The Walden Effect: Farming, simple living, permaculture, and invention.

How to start grapes from hardwood cuttings

Steuben grapesDid you ever want to start a vineyard?  I don't particularly want a vineyard, but I do want fruit of any and all sorts coming out my ears.  At $6 and up per plant, a vinyard doesn't really fit into our budget, though.  Luckily, there's a cheaper option.

Early this spring, one of Mark's friends gave us some vines he'd pruned out of his vineyard.  I did some reading and learned that grapes are easy to root from hardwood cuttings like these --- just cut dormant vines into pieces with four buds per piece in early spring, soak the cuttings in water for three days, poke them into the ground about a foot apart so that three of the buds are underground, and wait a while. 

We had a 55% success rate with our grape cuttings this year --- many other people get up to 100%, but they probably water their plants during the drought rather than ignoring them.  Which is all to say that we are overflowing with extra Golden Muscat and Steuben grapevines! 

VineyardSo --- time for a giveaway (click for our usual guidelines)!  The lucky winner will get two Golden Muscat and one Steuben vine --- just the right amount to fit in a 12 foot row.  The vines are one year old (so a little smaller than the two year old vines you'd buy in most stores), and vary in size.  The Golden Muscats have put out a lot of new growth (over a foot in some) while the Steubens are still pretty stubby.  We'll  cut the vines back to two buds so that they'll spend another year developing roots (and so that it doesn't cost an arm and a leg to mail them.)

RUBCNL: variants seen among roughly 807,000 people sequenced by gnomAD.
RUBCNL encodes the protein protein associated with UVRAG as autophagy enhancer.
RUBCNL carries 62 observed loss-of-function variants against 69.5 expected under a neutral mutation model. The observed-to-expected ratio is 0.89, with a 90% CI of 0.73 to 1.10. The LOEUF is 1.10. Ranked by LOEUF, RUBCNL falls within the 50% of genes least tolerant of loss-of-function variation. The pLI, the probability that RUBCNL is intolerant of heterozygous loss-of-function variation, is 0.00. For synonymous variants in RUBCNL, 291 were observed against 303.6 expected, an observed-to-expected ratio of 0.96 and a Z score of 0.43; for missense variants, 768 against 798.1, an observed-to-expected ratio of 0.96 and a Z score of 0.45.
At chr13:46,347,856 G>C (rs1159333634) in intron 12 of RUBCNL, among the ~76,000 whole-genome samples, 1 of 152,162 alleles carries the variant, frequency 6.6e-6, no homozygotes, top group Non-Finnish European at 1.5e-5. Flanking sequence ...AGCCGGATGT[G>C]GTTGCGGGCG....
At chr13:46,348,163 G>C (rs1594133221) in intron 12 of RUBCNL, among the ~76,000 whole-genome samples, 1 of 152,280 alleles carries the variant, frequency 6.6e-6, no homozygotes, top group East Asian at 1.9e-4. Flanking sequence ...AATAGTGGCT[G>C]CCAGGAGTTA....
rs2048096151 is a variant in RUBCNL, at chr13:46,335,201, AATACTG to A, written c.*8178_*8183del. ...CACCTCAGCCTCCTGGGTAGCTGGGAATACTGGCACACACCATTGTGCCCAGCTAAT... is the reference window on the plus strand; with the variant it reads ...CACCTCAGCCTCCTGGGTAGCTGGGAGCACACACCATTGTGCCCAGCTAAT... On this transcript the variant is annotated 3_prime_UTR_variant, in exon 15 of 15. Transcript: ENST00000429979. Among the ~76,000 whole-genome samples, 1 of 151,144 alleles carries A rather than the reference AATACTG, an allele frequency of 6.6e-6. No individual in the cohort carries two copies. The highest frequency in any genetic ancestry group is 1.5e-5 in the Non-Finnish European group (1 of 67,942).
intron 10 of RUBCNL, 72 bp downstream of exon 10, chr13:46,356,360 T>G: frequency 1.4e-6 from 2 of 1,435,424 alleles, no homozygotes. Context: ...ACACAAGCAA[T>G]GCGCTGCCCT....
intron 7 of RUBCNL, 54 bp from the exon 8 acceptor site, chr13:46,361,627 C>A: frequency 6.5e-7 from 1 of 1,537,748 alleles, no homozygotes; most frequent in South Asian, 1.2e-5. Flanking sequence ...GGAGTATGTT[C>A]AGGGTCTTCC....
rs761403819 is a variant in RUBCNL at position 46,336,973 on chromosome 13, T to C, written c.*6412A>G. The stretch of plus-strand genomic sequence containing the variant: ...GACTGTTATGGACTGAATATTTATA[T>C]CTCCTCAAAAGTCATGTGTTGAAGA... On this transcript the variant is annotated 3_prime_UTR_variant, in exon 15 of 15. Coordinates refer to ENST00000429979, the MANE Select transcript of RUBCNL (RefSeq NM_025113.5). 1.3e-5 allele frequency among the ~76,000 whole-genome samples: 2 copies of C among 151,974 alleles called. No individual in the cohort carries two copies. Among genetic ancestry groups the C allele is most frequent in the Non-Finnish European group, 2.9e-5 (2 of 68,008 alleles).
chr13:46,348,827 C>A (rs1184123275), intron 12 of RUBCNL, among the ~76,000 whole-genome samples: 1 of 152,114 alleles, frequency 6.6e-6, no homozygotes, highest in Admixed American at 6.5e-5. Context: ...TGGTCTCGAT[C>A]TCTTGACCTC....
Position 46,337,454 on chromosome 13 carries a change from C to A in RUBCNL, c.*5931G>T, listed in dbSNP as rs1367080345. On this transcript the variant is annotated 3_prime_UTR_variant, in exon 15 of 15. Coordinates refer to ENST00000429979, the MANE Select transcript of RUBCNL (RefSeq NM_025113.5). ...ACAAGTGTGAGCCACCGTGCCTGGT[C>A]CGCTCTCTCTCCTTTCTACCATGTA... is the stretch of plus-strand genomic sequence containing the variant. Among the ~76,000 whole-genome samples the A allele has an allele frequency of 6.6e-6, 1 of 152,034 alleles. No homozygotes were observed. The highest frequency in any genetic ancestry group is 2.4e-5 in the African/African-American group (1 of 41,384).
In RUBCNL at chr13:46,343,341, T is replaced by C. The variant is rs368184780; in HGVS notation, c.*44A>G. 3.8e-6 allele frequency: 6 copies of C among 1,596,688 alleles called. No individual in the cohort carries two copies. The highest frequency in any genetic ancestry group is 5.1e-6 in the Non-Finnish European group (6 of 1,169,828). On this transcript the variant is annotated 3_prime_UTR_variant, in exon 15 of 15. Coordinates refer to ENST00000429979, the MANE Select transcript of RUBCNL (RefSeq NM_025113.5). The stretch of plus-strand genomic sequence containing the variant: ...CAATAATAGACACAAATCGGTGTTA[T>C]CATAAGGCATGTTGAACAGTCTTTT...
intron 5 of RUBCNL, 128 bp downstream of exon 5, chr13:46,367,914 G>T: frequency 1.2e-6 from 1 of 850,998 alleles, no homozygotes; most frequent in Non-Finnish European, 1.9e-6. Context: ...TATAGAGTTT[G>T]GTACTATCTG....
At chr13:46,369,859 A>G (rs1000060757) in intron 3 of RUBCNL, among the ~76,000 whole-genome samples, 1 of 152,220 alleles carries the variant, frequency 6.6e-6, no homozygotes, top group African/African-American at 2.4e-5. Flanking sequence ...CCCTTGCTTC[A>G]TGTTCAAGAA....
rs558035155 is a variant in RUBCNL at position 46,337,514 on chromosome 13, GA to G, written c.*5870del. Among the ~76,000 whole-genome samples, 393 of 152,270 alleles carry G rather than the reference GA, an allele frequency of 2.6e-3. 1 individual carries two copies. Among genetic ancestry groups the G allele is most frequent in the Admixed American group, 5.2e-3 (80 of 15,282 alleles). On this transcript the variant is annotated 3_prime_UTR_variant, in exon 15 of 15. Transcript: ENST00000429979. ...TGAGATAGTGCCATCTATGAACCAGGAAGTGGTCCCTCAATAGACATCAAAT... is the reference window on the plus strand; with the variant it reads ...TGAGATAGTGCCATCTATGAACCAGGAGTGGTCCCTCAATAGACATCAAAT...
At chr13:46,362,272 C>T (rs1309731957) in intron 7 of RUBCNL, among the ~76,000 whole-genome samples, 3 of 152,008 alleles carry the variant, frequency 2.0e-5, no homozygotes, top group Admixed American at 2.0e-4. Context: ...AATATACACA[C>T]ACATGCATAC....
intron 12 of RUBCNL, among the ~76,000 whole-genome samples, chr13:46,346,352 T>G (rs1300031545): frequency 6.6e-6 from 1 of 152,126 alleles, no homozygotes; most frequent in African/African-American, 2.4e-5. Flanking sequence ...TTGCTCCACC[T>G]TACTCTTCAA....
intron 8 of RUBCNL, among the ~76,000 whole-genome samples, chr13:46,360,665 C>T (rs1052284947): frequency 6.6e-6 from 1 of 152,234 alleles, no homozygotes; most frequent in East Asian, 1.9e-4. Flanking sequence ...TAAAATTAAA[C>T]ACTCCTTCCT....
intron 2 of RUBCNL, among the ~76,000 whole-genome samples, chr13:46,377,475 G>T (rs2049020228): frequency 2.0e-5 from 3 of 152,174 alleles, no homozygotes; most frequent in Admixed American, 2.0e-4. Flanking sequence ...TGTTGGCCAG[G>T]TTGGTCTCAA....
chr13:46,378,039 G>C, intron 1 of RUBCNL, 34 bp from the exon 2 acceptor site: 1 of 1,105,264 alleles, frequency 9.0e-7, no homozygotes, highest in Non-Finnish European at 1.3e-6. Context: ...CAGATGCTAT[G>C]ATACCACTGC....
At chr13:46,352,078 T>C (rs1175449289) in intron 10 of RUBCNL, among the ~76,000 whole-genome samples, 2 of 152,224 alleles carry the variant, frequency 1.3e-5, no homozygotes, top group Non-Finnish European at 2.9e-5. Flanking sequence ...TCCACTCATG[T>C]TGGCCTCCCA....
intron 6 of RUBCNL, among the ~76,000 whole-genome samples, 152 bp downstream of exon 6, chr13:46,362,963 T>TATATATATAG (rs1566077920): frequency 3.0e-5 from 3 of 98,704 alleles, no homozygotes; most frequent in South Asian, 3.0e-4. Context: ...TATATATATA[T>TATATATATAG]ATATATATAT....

Steuben and Golden Muscat are both seeded grapes, but they are delicious!  Mark's friend uses them to make wine, and also sells the fruits from his 75 plant vineyard at the farmer's market every year, bringing home a couple hundred dollars each time he goes.  We had great luck making delicious grape juice out of ours.

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About us: Anna Hess and Mark Hamilton spent over a decade living self-sufficiently in the mountains of Virginia before moving north to start over from scratch in the foothills of Ohio. They've experimented with permaculture, no-till gardening, trailersteading, home-based microbusinesses and much more, writing about their adventures in both blogs and books.

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